If you’ve been anywhere within a five-mile radius of me lately, you know that my husband and I are having kids thanks to a surrogate.
But a lot of people don’t know what surrogacy actually is. Heck, I didn’t know, either. So it’s been really exciting to learn about the process and then to see the questions flow in from friends and family.
I’m guessing you may share many of the same questions, being human and all. So without further ado, I bring you the Top Ten Questions We Get Asked About Surrogacy list.
1. “What is surrogacy?”
If you break it down simply, surrogacy is an assisted pregnancy. It’s where a woman chooses to carry and give birth to someone else’s child.
2. “What are the laws surrounding surrogacy?
Surrogacy laws are a patchwork of contradictory rules across the country, with different laws for each state.
We currently live in California, which is what we like to call a “surrogacy-friendly state.” It allows traditional surrogacy (when the woman uses her own eggs) and enforces contracts for gestational surrogacy (where the surrogate simply carries the child for someone else). The state also makes it possible for the intended parents, regardless of their sexual orientation, to establish legal parental rights prior to the actual birth of their child (or children without needing to go through proceedings for adoption).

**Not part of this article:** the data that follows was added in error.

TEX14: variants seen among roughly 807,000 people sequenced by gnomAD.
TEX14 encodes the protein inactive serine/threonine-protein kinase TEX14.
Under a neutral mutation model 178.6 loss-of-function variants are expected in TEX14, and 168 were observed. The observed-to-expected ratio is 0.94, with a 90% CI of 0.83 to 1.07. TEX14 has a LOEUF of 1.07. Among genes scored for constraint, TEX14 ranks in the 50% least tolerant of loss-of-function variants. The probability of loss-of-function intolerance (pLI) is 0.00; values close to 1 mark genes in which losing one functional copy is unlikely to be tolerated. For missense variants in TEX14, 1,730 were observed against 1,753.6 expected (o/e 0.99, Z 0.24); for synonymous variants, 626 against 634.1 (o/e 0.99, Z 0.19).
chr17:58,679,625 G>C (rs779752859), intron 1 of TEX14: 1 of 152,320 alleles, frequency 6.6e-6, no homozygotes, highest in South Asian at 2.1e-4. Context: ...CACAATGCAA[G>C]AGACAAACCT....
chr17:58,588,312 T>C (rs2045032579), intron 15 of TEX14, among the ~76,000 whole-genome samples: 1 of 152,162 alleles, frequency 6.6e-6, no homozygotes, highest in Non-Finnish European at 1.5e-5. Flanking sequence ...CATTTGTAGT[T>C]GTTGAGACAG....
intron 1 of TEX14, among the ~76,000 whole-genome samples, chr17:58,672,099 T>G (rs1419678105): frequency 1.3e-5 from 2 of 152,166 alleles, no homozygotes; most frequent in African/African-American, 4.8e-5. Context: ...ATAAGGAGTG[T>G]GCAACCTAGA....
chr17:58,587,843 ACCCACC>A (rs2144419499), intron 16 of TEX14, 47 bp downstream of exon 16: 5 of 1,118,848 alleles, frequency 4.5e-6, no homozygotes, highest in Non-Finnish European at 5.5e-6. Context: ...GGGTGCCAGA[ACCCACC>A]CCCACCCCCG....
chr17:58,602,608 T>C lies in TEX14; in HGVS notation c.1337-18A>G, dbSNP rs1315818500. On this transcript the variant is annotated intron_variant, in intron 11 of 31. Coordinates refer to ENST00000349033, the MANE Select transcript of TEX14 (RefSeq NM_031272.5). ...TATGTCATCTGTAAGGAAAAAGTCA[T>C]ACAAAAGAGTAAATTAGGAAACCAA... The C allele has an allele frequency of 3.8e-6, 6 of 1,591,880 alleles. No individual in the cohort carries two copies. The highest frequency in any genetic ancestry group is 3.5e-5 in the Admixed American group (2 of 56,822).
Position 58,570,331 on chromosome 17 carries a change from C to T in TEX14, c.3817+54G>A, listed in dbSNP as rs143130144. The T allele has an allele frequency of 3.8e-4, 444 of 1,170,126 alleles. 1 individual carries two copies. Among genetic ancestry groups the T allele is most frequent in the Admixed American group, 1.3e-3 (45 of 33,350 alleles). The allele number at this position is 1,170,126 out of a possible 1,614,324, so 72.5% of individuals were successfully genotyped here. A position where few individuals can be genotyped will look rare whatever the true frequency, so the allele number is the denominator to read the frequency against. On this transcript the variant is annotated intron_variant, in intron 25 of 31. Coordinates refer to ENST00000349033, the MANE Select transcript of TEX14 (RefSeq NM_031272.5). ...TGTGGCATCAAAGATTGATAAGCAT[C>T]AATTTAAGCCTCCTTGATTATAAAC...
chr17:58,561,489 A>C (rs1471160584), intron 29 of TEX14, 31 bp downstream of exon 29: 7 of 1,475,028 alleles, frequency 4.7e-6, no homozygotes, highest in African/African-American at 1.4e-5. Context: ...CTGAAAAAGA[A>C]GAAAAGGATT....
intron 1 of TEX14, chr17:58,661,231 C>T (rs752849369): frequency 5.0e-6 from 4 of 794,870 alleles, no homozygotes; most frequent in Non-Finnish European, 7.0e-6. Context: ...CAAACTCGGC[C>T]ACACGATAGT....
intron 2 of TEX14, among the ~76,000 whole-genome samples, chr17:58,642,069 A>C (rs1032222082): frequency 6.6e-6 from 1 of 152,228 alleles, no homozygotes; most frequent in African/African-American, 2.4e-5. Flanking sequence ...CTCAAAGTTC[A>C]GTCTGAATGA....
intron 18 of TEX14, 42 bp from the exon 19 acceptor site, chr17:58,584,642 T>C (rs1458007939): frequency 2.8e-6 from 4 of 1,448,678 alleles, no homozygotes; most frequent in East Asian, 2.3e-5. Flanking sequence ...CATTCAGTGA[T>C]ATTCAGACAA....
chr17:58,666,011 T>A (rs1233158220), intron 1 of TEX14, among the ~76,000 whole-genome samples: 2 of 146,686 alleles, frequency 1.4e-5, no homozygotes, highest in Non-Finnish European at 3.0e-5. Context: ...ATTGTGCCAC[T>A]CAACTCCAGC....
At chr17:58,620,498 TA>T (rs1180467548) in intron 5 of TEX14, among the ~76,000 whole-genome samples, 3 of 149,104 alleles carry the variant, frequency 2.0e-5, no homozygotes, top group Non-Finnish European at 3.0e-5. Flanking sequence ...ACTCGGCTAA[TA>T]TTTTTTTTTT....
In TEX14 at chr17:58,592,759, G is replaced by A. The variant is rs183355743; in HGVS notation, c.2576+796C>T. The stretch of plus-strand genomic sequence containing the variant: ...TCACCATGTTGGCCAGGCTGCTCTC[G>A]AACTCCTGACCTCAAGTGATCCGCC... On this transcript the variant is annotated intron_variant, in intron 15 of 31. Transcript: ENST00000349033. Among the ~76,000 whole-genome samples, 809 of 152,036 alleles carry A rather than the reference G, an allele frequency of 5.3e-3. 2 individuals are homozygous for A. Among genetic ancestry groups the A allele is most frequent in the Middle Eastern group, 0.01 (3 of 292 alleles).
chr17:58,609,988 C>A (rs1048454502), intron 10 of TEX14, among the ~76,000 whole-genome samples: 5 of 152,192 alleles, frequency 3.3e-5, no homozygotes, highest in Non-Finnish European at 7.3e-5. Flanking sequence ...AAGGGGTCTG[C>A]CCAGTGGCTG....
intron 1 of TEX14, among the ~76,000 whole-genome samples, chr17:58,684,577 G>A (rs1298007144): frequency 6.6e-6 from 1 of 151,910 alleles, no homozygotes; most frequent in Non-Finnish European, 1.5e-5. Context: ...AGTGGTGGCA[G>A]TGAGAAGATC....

But as interesting as that all is, it doesn’t actually matter for us. And that’s because surrogacy laws only impact the state in which the baby is born. In our case, Minnesota.
Family law in Minnesota does not mention surrogacy (though they are attempting to push The Minnesota Gestational Carrier Act through as we speak). The only thing certain under Minnesota law is that the intended parents will need to take legal action to make sure they are established as the child’s parents, through a paternity action (the legal father) and an adoption (the second father).
So what do you do to ensure that the children are legally yours after everything’s said and done? You hire an amazing agency and you pay them to hire an equally amazing lawyer that specializes in surrogacy to solve it all for you.
Yes, it’s as stressful and complicated as it sounds.
3. “Whose sperm are you using?”
*ahem* Excuse me. That’s an incredibly personal question, Jeffrey, and one which we only discuss in person. [I’m just assuming your name is Jeffrey. If your name is not Jeffrey, carry on.]
4. “How did you find your surrogate?”
We used an agency called Circle Surrogacy from Boston, Massachusetts. We vetted a few different agencies across the country over the course of a few months, and felt the strongest connection with the team at Circle.
After providing them with all our basic information, they walked us through a bunch of paperwork, interviewed us a few separate times, and then had us speak with a psychologist to make sure we were not only in it for the right reasons, but that we were a stable couple who could handle the potentially long and challenging journey.
Meanwhile, they’re vetting potential surrogates until they find a match. What really drew us to Circle was the fact that you’re only matched with one surrogate, and that surrogate is only matched to you. It felt less like an online dating site, and more like a personalized matchmaker.